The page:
Wheaton College Norton, Massachusetts
Wheaton College
Planning for graduate & professional schools


Dental medicine

What is Dental Medicine?

According to the American Dental Education Association (ADEA), dentistry is the branch of the healing arts and sciences devoted to maintaining the health of the teeth, gums, and other hard and soft tissues of the oral cavity and adjacent structures. A dentist is a scientist and clinician dedicated to the highest standards of health through prevention, diagnosis, and treatment of oral diseases and conditions. The dental profession includes not only those who provide direct patient care, but those who teach, conduct research, and work in public and international health. There are 76 accredited American dental schools. Graduates from these programs will earn either a DDS (Doctor of Dental Surgery) or DMD (Doctor of Dental Medicine) degree. It takes 4 years of dental school to attain the doctoral degree.

Choosing a Major

There is no preferred or required pre-dental major. Dental schools are interested in students from different educational backgrounds. Universally, dental schools know the importance of a broad liberal arts education that includes a solid foundation in the sciences (biology, chemistry, mathematics, and physics) as well as coursework in the social sciences and humanities. Students interested in the health professions should choose a major based on their academic interests and abilities. High grades in a well-rounded curriculum are more important than a student’s major.

Pre-requisites at Wheaton

Most health professions schools require the same pre-requisite courses as listed below. Keep in mind that specific schools may have additional requirements. All courses should be completed by the end of the junior year for students planning to apply to dental school in the senior year. All students need to complete the pre-requisites before taking the Dental Admission Test (DAT).

Dental School Admission Pre-requisites

Timeline for applicants

The following is the recommended timeline for applying to dental school starting the spring before the application year.  These come from the American Dental Eduction Association (ADEA). Before June 1:

  • Create your plan for applying to dental school
  • Research dental schools and the dental school application process
  • Identify individuals whom you are going to ask for letters of evaluation
  • Register for, prepare for, and take the Dental Admissions Test (DAT)

Starting June 1:

  • ADEA Associate American Dental Schools Application Service (AADSAS) application opens
  • Check schools' specific deadlines and submit your application early
  • Follow AADSAS instructions to send official transcripts
  • Follow AADSAS instructions to ask evaluators to sumbit letters of evaluation
  • Monitor ADEA AADSAS application status online

Mid-November to February 1:

  • Use Academic Update to report courses completed since submitting your application

December 1:

  • Dental schools begin extending offers of admission
  • Start checking ADEA AADSAS application for admission status updates

February 1:

  • ADEA AADSAS application closes
  • Academic Update closes


Grade point average and DAT scores

A minimum of a 3.4 overall and 3.3 in the sciences are considered good grade point averages for admission to dental school.  Of course, individual schools can certainly have higher or lower averages for accepted students.  A DAT score of 18 on the 1 to 30 scale is considered good.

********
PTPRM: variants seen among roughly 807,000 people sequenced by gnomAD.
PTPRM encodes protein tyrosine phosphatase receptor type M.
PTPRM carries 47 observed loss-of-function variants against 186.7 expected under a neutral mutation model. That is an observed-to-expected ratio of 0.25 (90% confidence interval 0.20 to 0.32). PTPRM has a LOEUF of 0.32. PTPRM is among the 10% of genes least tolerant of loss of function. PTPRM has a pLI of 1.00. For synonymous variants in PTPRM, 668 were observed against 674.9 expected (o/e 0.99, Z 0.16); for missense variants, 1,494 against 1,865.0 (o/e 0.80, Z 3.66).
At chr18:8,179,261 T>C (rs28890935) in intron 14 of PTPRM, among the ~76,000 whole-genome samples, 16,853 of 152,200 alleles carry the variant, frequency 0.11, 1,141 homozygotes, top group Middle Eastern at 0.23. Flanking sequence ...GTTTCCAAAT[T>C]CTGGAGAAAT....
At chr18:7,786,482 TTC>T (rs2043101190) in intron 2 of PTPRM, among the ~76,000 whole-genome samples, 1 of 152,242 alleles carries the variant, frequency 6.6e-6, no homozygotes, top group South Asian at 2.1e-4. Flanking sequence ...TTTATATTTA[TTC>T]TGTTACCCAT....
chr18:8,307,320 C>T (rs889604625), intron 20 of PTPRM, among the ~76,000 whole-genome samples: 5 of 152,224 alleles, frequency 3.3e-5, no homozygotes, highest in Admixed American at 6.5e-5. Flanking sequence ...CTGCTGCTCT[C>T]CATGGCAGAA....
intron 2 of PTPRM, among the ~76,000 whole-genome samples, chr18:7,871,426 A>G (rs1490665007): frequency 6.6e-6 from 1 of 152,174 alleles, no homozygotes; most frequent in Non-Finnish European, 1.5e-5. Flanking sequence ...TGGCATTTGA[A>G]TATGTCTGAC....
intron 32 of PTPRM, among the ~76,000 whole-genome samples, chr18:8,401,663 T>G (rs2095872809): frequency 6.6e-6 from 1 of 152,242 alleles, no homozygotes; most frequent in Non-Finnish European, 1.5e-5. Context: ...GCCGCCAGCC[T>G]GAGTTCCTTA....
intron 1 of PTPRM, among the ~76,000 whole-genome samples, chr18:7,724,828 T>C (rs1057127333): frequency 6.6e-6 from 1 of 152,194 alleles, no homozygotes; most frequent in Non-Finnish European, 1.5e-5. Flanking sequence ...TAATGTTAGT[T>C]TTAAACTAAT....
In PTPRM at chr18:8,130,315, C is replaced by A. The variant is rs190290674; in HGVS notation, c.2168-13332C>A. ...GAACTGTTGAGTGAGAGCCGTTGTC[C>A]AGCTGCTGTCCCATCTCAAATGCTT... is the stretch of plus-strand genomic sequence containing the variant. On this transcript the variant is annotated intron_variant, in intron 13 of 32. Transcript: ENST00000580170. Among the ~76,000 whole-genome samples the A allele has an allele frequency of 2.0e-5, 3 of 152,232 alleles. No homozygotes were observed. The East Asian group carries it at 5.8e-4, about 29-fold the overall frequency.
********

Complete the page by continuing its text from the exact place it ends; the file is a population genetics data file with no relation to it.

Advanced Placement (AP)

AP credit may on some occasions be used to satisfy the English writing (Eng 101) and/or mathematics requirements. It is highly recommended that AP science courses not be used to satisfy any of the science pre-requisites since health professions schools expect you to have the classroom experience of taking science lab classes at the college level. If you do accept credit for an AP class in a required science course, the expectation is that you will take an upper-level science courses/labs in the science department to satisfy the health school requirement. AP credit equivalent to Wheaton's English 101 will waive writing requirement, but students still have to take a 200-level English course.

Summer courses

Though there is nothing that says a student cannot take pre-requisite science courses in summer school, students should remember that many of the health professions schools prefer that science classes be done during the semester to demonstrate the ability to take laboratory courses while registered for a full course load. Students considering taking a pre-requisite science course over the summer should consult with Dean Trayford.

Pass/Grade/Fail option

Required pre-medical courses can never be taken pass/fail. Students should also think carefully when considering taking any other classes under this option. Health profession schools want to see if you are successful in many different areas of study, not just in the pre-requisite courses. Therefore, students are discouraged from taking any classes under the pass/grade/fail option. If there is a good reason for using this option, consult with Dean Trayford. Remember, take all science courses for a grade.

Study Abroad

Health professions schools consider a student who studied abroad in a very positive light, particularly if the experience can be combined with health-care-related experiences. Students interested in studying abroad should definitely do so. It is important to plan ahead when thinking about studying abroad. Discuss your plans with Dean Trayford. Keep in mind though that pre-requisite courses cannot be taken during study abroad. The vast majority schools will not accept pre-requisite requirements taken at a foreign institution.

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